MP Greg Piper brokers solution to pot-hole problem on Reserve Road, Wangi Wangi

VEHICULAR MINEFIELD: Wangi Wangi resident Jenny King stands in a Reserve Road pot-hole with a sign created by a local wag. Picture: David Stewart
VEHICULAR MINEFIELD: Wangi Wangi resident Jenny King stands in a Reserve Road pot-hole with a sign created by a local wag. Picture: David Stewart

LAKE Macquarie MP Greg Piper appears to have brokered a short-term solution to the vexing question of who should fix Reserve Road at Wangi Wangi.

The Lakes Mail understands that Lake Macquarie City Council will agree to repair the treacherous stretch of gravel road – dubbed ‘Pothole Parade’ by locals – under a fee-for-service arrangement with National Parks and Wildlife Service.

The road was originally a council asset, before it was transferred to Lake Macquarie Conservation Area to be managed by NPWS.

That means the council has no obligation to maintain the road, but NPWS has no responsibility to maintain the road as a “main thoroughfare”.

As the impasse dragged on, the pot-holes grew bigger with each rain event, and with each passing vehicle.

Mr Piper said the stand-off had prevailed for too long, and “the Wangi community really doesn’t care who owns the road, they just want it fixed and made safe”.

Responding to recent letters on the matter from Mr Piper, Environment Minister Gabrielle Upton acknowledged there was a problem that needed fixing.

“I understand that the road has deteriorated over the years,” she said, “I appreciate that it is important to Wangi Wangi residents who use it for quick and convenient access.

“Given this, I have asked NPWS to contact council and see if a collaborative approach to repairing the road can be found.

“I have also asked NPWS to investigate with council how a longer term solution should be reached, such as an ongoing maintenance plan or revocation of the land to council.”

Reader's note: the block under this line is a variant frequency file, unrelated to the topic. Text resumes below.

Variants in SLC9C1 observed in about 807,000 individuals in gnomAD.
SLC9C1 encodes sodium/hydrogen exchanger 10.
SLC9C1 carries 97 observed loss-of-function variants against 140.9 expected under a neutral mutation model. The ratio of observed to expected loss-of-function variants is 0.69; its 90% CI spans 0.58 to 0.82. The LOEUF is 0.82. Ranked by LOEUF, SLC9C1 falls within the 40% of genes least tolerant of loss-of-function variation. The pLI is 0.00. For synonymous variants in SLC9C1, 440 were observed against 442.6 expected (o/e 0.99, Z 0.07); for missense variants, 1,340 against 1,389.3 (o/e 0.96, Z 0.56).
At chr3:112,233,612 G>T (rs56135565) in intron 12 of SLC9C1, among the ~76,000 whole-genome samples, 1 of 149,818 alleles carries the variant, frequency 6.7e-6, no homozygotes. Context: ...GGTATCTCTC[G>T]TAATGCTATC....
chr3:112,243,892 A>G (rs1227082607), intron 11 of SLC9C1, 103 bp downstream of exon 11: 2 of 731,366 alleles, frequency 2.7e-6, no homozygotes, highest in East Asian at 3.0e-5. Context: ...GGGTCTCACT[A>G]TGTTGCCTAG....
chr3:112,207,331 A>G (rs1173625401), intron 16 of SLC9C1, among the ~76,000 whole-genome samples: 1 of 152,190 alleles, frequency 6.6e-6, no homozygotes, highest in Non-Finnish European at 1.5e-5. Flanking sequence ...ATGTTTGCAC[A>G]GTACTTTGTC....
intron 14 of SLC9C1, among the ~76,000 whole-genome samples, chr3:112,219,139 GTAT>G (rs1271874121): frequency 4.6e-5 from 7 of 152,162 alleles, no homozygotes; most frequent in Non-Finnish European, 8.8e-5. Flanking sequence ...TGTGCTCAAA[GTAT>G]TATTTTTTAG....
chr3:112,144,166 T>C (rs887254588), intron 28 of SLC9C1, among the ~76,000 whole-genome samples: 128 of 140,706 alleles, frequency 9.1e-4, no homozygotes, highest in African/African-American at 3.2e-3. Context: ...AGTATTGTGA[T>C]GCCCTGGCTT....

In August, the Lakes Mail reported that Hunter Valley Buses, which has about 70 bus movements along the section of road every week – including school buses – was considering abandoning the route because of the danger posed by the road to its passengers, drivers and vehicles.

Other locals have already arrived at that decision. They have opted not to subject their family cars to the trauma of the pot-hole-ravaged road and preferred, instead, to “take the long way around” when accessing either side of the Wangi Wangi peninsula. 

Visitors who drive to Wangi Wangi to access the conservation area often fall victim to the pot-holes as the mottled shadows cast by the gum trees make the hazards difficult to detect. That danger is magnified for motorists at night.

The Lakes Mail has visited the site and witnessed several vehicles unwittingly plunge into the pot-holes at speeds that suggested the drivers were unaware of the danger.

A spokesperson for council said: “Council and NPWS are currently reviewing options for the ongoing maintenance of Reserve Road at Wangi Wangi and a final decision has not yet been made. In the meantime, we are working closely with NPWS to undertake repairs in the short term.”